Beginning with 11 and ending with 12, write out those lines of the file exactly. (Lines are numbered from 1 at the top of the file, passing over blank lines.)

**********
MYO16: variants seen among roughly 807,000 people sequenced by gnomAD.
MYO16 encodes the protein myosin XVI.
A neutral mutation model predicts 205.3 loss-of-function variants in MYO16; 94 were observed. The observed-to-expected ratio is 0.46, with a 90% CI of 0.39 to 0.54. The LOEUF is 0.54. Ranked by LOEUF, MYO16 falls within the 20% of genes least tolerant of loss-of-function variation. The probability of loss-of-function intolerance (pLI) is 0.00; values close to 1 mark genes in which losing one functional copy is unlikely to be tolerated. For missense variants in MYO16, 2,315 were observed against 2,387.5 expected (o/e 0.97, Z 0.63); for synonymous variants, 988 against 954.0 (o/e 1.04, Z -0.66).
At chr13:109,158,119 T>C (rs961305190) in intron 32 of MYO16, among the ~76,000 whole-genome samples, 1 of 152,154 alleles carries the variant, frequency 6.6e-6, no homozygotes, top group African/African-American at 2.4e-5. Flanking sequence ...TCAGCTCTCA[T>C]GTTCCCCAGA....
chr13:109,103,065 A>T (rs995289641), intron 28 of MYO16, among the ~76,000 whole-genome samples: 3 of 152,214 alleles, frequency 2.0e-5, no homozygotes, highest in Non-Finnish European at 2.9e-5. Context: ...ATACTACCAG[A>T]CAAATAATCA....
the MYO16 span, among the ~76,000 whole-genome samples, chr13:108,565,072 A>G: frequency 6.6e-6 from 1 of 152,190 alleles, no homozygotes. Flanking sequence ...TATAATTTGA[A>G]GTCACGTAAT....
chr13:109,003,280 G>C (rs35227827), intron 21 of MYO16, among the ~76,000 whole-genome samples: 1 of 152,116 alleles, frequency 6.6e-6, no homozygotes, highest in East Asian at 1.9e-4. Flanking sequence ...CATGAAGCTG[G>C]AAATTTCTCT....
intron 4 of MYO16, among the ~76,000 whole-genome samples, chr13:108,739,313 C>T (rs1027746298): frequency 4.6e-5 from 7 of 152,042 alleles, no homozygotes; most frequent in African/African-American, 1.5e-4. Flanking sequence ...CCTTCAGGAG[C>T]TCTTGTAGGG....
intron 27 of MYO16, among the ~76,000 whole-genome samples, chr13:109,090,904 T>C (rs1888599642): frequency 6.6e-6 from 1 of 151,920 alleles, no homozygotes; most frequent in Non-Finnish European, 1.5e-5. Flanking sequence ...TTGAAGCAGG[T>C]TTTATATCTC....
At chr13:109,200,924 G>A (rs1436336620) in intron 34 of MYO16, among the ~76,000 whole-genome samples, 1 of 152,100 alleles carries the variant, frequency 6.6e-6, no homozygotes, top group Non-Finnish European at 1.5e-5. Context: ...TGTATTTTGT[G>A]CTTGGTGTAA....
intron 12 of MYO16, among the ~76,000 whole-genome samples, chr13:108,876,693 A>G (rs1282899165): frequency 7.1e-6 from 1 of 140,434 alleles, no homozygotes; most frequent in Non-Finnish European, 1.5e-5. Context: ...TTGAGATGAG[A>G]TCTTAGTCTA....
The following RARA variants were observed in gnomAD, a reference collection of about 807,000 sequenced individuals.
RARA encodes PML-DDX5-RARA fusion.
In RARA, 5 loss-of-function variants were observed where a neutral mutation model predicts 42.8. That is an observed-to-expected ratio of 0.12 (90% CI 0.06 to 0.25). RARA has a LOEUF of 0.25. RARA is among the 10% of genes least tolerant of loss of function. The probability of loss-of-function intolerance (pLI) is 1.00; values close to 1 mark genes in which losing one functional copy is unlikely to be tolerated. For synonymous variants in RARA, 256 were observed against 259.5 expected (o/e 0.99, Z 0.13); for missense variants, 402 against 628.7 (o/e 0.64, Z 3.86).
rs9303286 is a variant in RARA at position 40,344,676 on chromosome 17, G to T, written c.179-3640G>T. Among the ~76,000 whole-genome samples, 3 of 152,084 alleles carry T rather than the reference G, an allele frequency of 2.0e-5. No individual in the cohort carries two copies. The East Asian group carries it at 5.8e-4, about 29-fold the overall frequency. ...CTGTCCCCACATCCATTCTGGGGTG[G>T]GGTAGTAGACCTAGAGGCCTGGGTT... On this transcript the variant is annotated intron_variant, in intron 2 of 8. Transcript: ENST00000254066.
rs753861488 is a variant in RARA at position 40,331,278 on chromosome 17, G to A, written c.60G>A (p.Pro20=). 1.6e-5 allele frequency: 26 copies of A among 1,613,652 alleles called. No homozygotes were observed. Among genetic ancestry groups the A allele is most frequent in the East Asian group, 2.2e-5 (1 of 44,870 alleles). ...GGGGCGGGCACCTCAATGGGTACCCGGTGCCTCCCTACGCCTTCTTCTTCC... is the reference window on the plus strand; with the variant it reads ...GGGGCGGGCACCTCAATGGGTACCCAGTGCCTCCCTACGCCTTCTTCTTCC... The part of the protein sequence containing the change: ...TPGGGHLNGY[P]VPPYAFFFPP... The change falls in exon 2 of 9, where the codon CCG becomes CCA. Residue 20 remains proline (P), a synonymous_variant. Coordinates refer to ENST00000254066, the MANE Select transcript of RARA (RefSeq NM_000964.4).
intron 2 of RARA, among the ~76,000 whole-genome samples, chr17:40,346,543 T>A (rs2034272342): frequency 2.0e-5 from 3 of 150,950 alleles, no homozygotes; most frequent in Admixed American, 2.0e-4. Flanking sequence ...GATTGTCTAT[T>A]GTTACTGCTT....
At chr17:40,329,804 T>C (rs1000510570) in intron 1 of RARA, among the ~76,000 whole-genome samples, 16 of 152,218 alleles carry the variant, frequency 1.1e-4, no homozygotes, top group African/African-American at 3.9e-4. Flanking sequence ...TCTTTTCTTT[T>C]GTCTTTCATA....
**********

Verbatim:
intron 12 of MYO16, among the ~76,000 whole-genome samples, chr13:108,876,693 A>G (rs1282899165): frequency 7.1e-6 from 1 of 140,434 alleles, no homozygotes; most frequent in Non-Finnish European, 1.5e-5. Context: ...TTGAGATGAG[A>G]TCTTAGTCTA....
The following RARA variants were observed in gnomAD, a reference collection of about 807,000 sequenced individuals.